Other than these innovations, the 1998 Strategy document simply reiterated what the welfare laws already required, but which our observations showed were poorly enforced.
The main objective of this third Animal Aid markets report is to examine the impact of the 1998 Strategy, some 20 months after its introduction. Our MarketWatch monitors have visited 15 English markets - some once, others on several occasions.
A few real improvements have been found, such as the provision of straw in some auction rings and pens. Vicious instruments of coercion - including sticks with nails in the end - are far less evident. And a handful of our most resourceful and persistent MarketWatchers are now more often heeded by market users rather than harassed and threatened. In some instances they have established a working relationship with the market operators and/or with the relevant veterinary and local authority representatives.
But, depressingly, the broader picture remains as before. For the bartered animals - being driven and beaten on and off lorries, through the networks of pens and metal 'races' into and out of the sales rings - the market is a place of confusion and physical violence. Water is still unlikely to be within reach, even on the hottest days, a worrying percentage of animals arrive injured or diseased, or they suffer sometimes fatal injuries (e.g. a broken leg) during the course of the day. Many of these abuses constitute a breach of the market welfare laws and/or Codes of Practice. (See Current Legislation.)
Of course, our observations are made against a background of severe financial pressure afflicting the farming and associated industries - troubles brought about principally through over-breeding of animals and the self-inflicted BSE crisis.
The first to pay the price of these financial hard times are the 'livestock' themselves. Animals offering little or no commercial return suffer grievously. Some older cattle destined for incineration under the BSE emergency regulations are deprived of basic veterinary treatment. Baby calves are being destroyed, with who knows how much consideration, on farms. And older ewes are simply being left to starve to death on hills.
When such low value animals actually reach market, the signs of neglect are frequently all too apparent, as this report makes clear.
A number of our MarketWatch monitors have made the observation that farming's financial crisis is being used as a 'justification' for these incidents of neglect and abuse. Many market users, they report, are in a self- righteous mood, taking the attitude: 'Don't concern me with animal welfare. Don't you see we're suffering.'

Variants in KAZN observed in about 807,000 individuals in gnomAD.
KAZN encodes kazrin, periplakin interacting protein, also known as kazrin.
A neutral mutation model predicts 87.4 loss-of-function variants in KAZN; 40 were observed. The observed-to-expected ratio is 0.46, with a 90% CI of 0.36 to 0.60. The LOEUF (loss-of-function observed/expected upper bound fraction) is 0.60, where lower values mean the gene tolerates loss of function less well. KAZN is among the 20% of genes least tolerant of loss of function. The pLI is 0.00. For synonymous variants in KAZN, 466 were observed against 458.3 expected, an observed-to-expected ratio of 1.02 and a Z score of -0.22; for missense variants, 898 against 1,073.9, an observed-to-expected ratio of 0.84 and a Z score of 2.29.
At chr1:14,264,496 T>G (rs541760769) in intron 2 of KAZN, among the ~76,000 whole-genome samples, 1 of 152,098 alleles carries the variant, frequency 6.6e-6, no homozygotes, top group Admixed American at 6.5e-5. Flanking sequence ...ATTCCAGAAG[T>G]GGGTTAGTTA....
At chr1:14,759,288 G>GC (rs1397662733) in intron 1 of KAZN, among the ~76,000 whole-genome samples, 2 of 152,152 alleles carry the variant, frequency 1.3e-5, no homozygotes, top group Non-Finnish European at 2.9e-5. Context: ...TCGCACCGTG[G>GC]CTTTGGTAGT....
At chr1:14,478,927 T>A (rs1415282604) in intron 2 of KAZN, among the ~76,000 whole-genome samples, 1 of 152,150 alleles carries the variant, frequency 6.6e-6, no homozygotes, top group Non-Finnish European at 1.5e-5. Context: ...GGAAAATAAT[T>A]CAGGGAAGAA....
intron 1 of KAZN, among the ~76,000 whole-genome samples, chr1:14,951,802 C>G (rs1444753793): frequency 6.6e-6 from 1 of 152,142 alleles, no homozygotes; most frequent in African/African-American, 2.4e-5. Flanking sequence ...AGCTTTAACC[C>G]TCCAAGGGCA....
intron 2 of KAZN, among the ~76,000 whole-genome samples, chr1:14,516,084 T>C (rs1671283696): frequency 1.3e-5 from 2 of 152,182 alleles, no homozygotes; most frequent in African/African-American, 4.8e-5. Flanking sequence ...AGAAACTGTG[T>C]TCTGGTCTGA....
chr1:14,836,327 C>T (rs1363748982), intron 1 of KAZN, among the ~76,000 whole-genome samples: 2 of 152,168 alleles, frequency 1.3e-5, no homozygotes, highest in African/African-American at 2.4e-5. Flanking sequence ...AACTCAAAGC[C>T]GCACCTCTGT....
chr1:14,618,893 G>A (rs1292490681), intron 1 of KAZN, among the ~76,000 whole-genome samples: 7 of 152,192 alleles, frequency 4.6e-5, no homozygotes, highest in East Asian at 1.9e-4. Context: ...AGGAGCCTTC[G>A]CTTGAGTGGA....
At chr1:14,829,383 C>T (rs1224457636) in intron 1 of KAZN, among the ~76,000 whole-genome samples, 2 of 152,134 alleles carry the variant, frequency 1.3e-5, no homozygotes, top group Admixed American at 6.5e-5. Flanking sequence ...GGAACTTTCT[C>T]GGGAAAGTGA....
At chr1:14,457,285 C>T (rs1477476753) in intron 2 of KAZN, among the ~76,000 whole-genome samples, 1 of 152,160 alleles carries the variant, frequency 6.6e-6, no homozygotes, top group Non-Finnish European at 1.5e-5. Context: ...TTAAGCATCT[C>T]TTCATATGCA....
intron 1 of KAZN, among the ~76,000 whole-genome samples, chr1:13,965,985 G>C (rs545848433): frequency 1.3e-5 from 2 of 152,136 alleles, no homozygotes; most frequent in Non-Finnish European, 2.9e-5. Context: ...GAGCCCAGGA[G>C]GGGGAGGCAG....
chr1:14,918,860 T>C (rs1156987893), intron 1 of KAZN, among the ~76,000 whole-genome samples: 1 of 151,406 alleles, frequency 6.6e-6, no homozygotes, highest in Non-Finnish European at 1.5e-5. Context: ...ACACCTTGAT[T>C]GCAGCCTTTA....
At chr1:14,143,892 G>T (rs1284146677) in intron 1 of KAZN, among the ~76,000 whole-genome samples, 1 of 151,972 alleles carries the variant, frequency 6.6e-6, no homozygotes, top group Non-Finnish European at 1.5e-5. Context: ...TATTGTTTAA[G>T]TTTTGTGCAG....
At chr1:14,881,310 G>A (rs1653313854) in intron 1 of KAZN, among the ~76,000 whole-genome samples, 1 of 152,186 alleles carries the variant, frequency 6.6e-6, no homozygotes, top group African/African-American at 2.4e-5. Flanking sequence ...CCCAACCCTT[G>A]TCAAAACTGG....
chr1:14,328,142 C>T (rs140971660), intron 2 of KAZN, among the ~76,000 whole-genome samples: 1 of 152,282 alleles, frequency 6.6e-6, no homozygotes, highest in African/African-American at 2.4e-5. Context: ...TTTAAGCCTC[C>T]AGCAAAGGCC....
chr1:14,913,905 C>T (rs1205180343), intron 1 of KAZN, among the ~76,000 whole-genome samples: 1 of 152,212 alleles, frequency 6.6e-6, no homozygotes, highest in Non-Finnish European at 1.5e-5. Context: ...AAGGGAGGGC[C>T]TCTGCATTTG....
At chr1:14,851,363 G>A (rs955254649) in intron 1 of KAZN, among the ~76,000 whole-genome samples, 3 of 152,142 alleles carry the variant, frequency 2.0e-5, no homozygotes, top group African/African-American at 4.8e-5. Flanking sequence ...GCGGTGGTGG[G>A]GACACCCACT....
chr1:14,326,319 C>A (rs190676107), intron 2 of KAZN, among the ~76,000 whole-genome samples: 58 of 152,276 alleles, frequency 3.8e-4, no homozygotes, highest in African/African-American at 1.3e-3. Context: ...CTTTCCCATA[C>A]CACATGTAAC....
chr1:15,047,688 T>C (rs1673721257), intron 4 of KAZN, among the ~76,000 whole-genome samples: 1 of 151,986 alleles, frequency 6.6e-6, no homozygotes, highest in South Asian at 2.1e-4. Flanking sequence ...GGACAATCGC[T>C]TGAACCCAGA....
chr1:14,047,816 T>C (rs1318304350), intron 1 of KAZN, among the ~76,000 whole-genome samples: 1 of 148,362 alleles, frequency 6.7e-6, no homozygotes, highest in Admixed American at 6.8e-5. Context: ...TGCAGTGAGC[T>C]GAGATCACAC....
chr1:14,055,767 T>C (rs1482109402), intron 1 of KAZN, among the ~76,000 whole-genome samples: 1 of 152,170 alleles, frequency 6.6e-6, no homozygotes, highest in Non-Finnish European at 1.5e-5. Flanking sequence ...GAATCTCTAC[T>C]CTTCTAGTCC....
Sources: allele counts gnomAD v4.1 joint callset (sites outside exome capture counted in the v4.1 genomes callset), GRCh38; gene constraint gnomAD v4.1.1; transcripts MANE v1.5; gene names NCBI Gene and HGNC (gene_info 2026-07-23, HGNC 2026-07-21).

Animal Aid's position remains unchanged. We seek to encourage people to adopt an animal-free diet. But as long as animals are raised and slaughtered for meat and dairy products, we believe they should be spared the wholly unnecessary additional hardships of a day at market.
Meanwhile, the animals' main lines of defence - the market operators, vets, local authority trading standards officers and MAFF itself - are simply not working as they should.
The Bartered Lives report examines the structural and strategic problems relating to the market system, and details some heart-breaking stories of animals betrayed and crushed by it.
Our central point is that markets are an unnecessary and cruel anachronism. While they remain, however, the laws and guidelines that do exist - inadequate as they are - must be properly deployed. That means extra resources from central government so that the costly business of official monitoring and enforcement can become a reality.
Only then can the government's Strategy for the Protection of Animal Welfare at Livestock Markets become more than a paper exercise.
Let us see - and soon - the mooted markets 'league table'. And let those markets that fail to meet a standard consistent with the welfare needs of animals either upgrade or close.
- The key legislation is the Welfare of Animals at Markets Order 1990 and the Welfare of Animals (Amendment) Order 1993. See Current Legislation.